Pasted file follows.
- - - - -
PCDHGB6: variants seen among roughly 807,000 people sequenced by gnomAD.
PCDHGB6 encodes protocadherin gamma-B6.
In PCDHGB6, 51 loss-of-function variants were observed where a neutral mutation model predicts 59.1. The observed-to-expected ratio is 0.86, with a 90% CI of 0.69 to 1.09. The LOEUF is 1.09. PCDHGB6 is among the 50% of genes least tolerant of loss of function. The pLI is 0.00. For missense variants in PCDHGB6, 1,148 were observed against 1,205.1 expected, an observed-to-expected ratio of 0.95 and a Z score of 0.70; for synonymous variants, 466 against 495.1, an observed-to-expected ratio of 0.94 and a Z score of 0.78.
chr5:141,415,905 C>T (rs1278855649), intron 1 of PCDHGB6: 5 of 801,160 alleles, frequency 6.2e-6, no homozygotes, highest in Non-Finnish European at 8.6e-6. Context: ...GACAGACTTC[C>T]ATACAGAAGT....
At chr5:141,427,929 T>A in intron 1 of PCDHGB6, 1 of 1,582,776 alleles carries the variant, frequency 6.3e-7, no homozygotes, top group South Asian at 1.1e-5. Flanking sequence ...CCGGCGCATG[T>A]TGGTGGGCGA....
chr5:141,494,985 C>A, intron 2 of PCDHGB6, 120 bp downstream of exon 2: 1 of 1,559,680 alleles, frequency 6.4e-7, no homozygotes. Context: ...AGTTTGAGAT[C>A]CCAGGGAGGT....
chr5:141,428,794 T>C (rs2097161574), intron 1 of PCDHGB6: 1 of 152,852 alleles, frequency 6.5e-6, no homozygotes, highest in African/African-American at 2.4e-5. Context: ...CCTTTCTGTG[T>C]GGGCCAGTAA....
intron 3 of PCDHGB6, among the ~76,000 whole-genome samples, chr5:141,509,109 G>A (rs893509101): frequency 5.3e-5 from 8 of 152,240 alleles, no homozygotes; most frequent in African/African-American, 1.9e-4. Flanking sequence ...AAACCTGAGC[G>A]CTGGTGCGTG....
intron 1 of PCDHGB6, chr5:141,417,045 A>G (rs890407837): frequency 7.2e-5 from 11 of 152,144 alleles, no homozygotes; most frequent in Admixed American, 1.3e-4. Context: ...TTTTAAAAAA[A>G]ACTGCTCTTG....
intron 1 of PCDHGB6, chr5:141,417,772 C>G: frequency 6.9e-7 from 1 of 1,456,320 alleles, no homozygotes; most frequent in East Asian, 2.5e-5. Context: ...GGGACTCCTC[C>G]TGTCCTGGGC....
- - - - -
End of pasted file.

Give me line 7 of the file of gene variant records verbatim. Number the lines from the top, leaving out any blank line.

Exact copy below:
chr5:141,428,794 T>C (rs2097161574), intron 1 of PCDHGB6: 1 of 152,852 alleles, frequency 6.5e-6, no homozygotes, highest in African/African-American at 2.4e-5. Context: ...CCTTTCTGTG[T>C]GGGCCAGTAA....